A Letter from Ellen and Al Smith, serving in Germany, Belarus and Russia
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I recently traveled to Ukraine with Luciano Kovacs, the PC(USA) Area Coordinator for Europe and the Middle East. We arrived in Kiev on 19 February 2020. As we drove to our first meeting, we passed a march. I asked our driver what it was about. He responded that there had been many demonstrations lately, but that this demonstration was in memory of those who died on Maidan in 2014.
The political situation in Ukraine is complicated. In November 2004, Viktor Yanukovich defeated Viktor Yushenko in a presidential election that was seen as rigged, marred by voter intimidation and corruption. There were widespread protests on Maidan Square. These protests and their aftermath became known as the “Orange Revolution.” As a result of the protests, a second election was held in December 2004. The results of the second election removed Yanukovich and placed Yushenko in power. Yanukovich returned to power in 2010. In November 2013, he rejected an association agreement with the European Union in favor of closer ties with Russia. New demonstrations erupted on Maidan Square. These protests, known as “Euromaidan,” continued through 23 February. Protests turned violent on 18 February when the government started shooting at demonstrators. From 18-23 February, 130 people died. Yanukovich fled to Russia on 22 February 2014, fearing arrest. In the following months, Russia annexed the Crimean Peninsula. Russian-speaking separatists in the eastern Ukrainian regions of Donetsk and Luhansk, collectively referred to as Donbass, declared the foundation of the Donetsk Peoples Republic and the Luhansk Peoples Republic (DNR and LNR respectively). Widespread fighting broke out between Ukrainian government forces and forces loyal to the DNR and LNR, supported by Russian “volunteers.”
After six years, this war in Donbass continues, with no end in sight. There is also conflict between two competing Orthodox churches, conflict over language (Ukrainian, Russian and Hungarian), and conflict surrounding the issues of internally displaced peoples (IDPs). It’s complicated. It’s painful.
The Community of St’Egidio, in Kiev, has opened a new student center, with a focus on engaging youth in social ministry and peacemaking. The youth appear to be more reachable than adults. The center is near one of the universities that educate students from all over the world. The student center is a venue for breaking down barriers and confronting racism by bringing people together. It also engages students by involving them in feeding the homeless. In addition to the work with university students, the center has established two peacemaking programs. One engages teenagers, while the other involves children ages six through ten. Young adults ages 25-35 are the most responsive. They are out on their own, adjusting to adult life and searching for meaning and community.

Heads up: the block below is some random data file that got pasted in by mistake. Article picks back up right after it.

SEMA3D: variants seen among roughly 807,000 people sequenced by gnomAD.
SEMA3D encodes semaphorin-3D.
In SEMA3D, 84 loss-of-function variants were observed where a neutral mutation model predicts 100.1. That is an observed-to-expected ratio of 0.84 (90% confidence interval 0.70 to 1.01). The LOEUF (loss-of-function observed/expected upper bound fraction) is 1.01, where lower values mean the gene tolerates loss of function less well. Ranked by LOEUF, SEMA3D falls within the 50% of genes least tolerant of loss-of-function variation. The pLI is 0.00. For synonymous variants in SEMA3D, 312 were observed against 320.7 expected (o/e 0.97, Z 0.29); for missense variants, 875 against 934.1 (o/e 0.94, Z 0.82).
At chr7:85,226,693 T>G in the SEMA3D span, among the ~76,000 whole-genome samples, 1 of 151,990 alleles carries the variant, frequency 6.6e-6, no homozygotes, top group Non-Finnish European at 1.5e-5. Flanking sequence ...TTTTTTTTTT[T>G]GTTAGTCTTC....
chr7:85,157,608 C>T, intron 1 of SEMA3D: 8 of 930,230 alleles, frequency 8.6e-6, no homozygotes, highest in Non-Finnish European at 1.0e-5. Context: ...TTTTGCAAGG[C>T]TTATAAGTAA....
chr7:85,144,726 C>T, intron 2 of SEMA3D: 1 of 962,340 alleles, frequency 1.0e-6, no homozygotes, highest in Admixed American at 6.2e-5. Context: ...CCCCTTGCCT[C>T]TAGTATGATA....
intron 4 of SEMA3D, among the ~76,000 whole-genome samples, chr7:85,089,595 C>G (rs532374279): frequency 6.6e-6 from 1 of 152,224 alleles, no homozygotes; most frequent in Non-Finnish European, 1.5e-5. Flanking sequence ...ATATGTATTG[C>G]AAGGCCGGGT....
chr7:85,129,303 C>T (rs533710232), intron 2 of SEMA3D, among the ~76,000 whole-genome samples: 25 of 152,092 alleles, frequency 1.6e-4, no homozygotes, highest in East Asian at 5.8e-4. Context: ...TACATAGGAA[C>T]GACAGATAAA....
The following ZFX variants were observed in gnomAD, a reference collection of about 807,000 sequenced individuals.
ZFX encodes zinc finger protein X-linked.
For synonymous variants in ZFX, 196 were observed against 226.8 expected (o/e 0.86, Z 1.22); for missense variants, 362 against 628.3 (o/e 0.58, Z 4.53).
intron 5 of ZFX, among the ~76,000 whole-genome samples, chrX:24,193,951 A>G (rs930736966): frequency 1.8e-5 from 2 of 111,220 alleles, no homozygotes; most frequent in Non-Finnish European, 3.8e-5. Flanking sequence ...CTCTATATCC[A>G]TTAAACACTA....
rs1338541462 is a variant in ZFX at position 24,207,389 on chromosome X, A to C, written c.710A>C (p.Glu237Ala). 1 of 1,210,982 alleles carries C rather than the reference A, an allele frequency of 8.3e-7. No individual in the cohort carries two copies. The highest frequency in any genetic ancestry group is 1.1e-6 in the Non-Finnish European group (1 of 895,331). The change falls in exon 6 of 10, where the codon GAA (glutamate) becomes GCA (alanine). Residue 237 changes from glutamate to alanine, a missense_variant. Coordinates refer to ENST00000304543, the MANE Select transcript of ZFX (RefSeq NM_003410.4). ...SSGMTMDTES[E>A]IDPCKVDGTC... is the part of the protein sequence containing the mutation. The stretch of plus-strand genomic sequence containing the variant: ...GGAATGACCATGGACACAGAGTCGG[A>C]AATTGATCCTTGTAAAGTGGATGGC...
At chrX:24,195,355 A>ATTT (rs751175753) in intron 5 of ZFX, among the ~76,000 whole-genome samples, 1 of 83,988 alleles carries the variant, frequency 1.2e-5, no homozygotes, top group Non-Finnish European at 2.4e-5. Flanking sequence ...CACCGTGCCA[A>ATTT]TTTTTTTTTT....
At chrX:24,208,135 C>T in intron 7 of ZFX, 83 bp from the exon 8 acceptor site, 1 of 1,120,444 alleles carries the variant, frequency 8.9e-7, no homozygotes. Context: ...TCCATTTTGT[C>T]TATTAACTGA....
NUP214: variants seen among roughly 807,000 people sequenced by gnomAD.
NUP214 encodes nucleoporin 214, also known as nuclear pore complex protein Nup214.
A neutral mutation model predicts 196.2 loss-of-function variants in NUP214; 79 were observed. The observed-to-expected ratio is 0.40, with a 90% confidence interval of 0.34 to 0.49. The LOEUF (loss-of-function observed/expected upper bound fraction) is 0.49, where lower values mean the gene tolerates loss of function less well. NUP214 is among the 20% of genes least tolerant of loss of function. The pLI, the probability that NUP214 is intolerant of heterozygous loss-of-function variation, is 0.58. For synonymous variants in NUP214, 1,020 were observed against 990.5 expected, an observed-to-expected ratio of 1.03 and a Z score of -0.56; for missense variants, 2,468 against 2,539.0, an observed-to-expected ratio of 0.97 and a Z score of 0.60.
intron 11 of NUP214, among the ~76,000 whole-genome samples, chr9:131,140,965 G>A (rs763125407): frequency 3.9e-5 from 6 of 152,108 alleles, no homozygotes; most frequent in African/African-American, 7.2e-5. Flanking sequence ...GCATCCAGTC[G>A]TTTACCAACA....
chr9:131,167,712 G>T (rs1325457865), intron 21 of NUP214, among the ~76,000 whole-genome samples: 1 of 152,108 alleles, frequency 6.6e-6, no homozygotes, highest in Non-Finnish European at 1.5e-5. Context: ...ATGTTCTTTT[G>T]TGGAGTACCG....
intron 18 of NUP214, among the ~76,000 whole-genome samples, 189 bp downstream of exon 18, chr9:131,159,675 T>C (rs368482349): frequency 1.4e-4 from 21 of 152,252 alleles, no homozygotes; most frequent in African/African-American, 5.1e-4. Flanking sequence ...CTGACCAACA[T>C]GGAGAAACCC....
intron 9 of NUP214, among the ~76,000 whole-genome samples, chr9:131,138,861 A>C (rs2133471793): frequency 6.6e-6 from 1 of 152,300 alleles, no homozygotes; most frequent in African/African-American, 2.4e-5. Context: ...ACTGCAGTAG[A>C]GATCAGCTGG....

Alla Soroka served as an International Peacemaker, itinerating among Presbyterian churches in the fall of 2018. This Child Here began as a ministry to street children but has expanded to minister to the needs of orphans. This work with children has developed further and now includes a program that trains teens to mentor orphans, as well as a program that works with foster parents. When the war broke out in Donbass in 2014, large numbers of Internally Displaced Peoples fled to Odessa. In response, This Child Here began focusing on the needs of this extremely stressed population. This Child Here has also begun hosting summer camps for families within the Gray Zone, a 30 km buffer zone around Donbas, which was shelled throughout the war. These summer camps have been a respite for these families. This Child Here has now identified another group that needs help. This group consists of the teachers who work in this “war” zone, particularly teachers in the schools of Avdeevka, a town 10 km from Donetsk, which was severely shelled in 2017. These teachers work under high stress, and by reaching them, This Child Here can impact the entire community.
The work of This Child Here is focused on establishing peacemaking initiatives and alternatives to violence. Every year Alla teaches a special course on peacemaking, training teenagers to be facilitators. They are now looking at hosting a seminar in a neutral country for a group of teenage Ukrainian facilitators together with teenagers from a mentoring program in Russia. This is a daring project. Russians are afraid to visit Ukraine because propaganda tells them that they will not be safe. Ukrainians are afraid to go to Russia because that would mean going into enemy territory, and they are afraid of the response from their neighbors when they return. But youth are less influenced by propaganda. They are more open to one another and more natural peacemakers. As we talked, Alla reminded me of Samantha Smith, the schoolgirl from Maine, who wrote to Yuri Andropov and then visited the Soviet Union in the 1980s.
Ukraine is in a hard place, and people are angry, tired of the war, tired of economic hardships, tired of internal conflicts. The bitterness is understandable but does not lend itself to hope. I am encouraged by the peacemakers whose efforts to reach the next generation seeks to disrupt the pattern of polarization that has infected the globe.
As always, we thank you for the time you take to read our letters. We are grateful for all the ways you support us – your prayers, your notes, your visits, and, of course, your financial support. Please pray for Ukraine and Russia. Please pray for the peacemakers everywhere.
Love and blessings,
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